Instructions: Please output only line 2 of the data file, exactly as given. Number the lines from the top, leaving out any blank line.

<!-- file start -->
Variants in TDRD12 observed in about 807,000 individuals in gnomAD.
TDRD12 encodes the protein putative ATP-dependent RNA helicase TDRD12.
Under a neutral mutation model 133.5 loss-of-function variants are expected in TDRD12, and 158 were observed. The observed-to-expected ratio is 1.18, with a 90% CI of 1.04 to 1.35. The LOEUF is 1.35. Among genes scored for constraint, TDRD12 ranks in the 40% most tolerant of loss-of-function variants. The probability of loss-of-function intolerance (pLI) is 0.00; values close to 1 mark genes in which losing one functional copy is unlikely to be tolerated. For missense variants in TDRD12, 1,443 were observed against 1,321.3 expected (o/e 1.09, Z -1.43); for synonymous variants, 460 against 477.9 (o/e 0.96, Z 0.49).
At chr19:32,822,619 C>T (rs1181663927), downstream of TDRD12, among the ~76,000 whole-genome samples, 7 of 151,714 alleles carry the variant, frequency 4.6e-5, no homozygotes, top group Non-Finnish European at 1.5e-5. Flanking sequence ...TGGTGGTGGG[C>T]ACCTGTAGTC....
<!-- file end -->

TDRD12 encodes the protein putative ATP-dependent RNA helicase TDRD12.